A bunch of celebrities have associated themselves with liquor and wine over the years, but I’m a big Eurythmics fan, so this one’s actually cool. Pretty sure I wouldn’t pay $125 for it, though.
Man, it’s like I forgot there was a blog around here. I guess there’s something about a newborn baby that distracts a man from writing.
Some time ago, I received a package from Johnnie Walker, sent to me for review purposes. Inside was a bottle of Johnnie Walker Black, two rocks glasses, coasters, and a bottle of the walking man’s newest offering, Johnnie Walker Double Black. Released last year into the duty-free market, Double Black makes its U.S. debut in time for holiday entertaining and gift giving.
I’ve grown very fond of ol’ John over the last few years, so I was eager to try this. At first, I wasn’t impressed. You see, the idea behind Double Black is to bring more of the smoky smoothness of an Islay malt to the Walker mix, while still retaining the sweet but complex maltiness that makes Johnnie Johnnie. I have to admit, on my first sip, I thought the idea was better in theory than in execution. I love a smoky scotch and would go miles out of my way for Laphroaig or Compass Box’s Peat Monster.
And maybe that’s where I set up myself, and Double Black, to fail. At first I felt that John’s new dram was schizophrenic, smoothly sweet and smoky but in a way that failed to highlight the best aspects of both. But as I tried it again (and again), I came to a different conclusion. As I taste the new blend now, it reminds me on first sip of vanilla and toffee with light heather notes. The smoke now seems more integrated and–forgive me for using this word, but it’s accurate–holistic. Some whiskies just need some attention before you can appreciate them.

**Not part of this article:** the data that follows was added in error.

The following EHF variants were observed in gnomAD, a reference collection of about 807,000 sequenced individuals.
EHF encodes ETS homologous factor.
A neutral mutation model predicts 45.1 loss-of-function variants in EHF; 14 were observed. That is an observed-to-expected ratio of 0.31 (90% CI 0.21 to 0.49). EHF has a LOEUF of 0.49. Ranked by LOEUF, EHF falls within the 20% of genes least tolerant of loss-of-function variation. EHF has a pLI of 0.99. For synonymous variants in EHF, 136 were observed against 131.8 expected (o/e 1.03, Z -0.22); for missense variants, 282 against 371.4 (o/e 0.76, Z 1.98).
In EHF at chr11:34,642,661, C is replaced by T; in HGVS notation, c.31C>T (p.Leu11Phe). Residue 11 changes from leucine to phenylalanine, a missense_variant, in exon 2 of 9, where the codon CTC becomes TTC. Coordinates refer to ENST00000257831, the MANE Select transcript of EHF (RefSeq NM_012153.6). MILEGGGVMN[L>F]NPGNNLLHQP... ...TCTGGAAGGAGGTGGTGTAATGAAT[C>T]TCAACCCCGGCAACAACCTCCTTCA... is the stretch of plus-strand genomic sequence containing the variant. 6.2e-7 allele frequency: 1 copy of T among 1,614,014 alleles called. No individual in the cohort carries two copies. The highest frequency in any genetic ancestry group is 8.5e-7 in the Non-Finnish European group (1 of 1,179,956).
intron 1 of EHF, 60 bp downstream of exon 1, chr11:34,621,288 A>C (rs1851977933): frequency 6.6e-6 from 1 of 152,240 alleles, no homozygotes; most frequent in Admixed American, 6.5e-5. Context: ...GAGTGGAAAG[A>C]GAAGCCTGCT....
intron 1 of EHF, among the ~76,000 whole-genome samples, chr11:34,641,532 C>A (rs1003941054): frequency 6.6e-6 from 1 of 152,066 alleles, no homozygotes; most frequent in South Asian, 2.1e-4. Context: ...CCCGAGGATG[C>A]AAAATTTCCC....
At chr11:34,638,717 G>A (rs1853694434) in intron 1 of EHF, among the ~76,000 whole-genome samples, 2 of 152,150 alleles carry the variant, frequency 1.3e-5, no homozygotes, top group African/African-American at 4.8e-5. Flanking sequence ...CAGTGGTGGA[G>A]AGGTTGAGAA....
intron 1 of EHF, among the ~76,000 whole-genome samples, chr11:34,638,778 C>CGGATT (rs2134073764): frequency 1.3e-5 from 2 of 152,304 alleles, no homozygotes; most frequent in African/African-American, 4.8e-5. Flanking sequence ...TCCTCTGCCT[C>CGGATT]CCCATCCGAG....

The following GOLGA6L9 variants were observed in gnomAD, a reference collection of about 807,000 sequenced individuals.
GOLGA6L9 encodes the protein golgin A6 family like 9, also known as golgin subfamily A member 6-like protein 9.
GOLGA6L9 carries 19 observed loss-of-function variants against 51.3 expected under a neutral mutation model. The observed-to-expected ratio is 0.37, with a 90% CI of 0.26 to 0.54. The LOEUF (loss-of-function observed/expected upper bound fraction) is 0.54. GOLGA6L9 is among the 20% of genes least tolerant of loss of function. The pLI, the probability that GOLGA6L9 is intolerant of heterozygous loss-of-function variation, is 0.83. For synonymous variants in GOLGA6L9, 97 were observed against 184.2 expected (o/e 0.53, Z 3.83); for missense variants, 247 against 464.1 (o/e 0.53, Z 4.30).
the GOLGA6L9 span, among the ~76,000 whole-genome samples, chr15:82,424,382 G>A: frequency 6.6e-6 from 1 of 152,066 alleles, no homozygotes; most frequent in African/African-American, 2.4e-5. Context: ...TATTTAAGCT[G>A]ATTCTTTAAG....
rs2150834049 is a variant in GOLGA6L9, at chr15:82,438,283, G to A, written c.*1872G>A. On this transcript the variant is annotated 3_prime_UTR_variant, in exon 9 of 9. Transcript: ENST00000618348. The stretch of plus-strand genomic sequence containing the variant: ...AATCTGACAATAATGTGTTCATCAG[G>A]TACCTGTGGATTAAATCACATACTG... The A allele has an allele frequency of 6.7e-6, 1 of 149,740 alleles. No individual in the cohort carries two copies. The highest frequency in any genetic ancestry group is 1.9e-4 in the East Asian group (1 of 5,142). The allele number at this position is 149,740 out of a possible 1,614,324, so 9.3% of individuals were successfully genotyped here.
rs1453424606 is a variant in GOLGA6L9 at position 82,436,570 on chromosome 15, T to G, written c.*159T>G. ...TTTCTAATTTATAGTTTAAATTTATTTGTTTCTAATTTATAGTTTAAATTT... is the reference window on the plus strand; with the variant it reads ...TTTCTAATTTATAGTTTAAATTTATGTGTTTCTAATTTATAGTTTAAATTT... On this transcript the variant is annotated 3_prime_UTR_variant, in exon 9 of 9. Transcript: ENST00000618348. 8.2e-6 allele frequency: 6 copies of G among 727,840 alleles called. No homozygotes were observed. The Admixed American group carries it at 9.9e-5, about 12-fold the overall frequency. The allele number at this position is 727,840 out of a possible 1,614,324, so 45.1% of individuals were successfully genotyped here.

Don’t get too excited. We’re not talking about the Swedish Bikini Team here.
So, Paul Jones is proud of his giant bust:
After many such ads throughout 1936 and 1937, the bust has reduction surgery:
And then is almost easy to miss entirely:
The bust disappears altogether at the end of 1937:
To make a triumphant return in early 1938:
Before disappearing again for the remainder of the year:
One of the things you’ll learn pretty early is that Daddy likes his whiskey. (Mommy’s a fan, too, but while you’re still incubating, she’s abstaining.) One of Daddy’s favorite families of whiskey is the group of bourbons and ryes made by the Wild Turkey group (although please steer clear of the 80º, k thx bye). Aside from that, I like everything else they make, so it’s safe to say, when you’re finally of age to buy booze, you won’t go wrong buying me some Wild Turkey for Father’s Day.
Wild Turkey has an older brother called Russell’s Reserve, a small-batched, ten-year-old bourbon distilled by father-son team Jimmy and Eddie Russell. Russell’s Reserve is a damn good bourbon, but that’s not what does the world a favor.
Well, actually, it’s part of what does the world a favor, because the world needs all the damn good bourbon it can get. But there’s something more important that Jimmy and Eddie Russell are doing. During the month of June, for every bottle of Russell’s Reserve sold, they’ll make a donation to a nonprofit group called Operation Once in a Lifetime, to help provide flights home for members of our Armed Forces.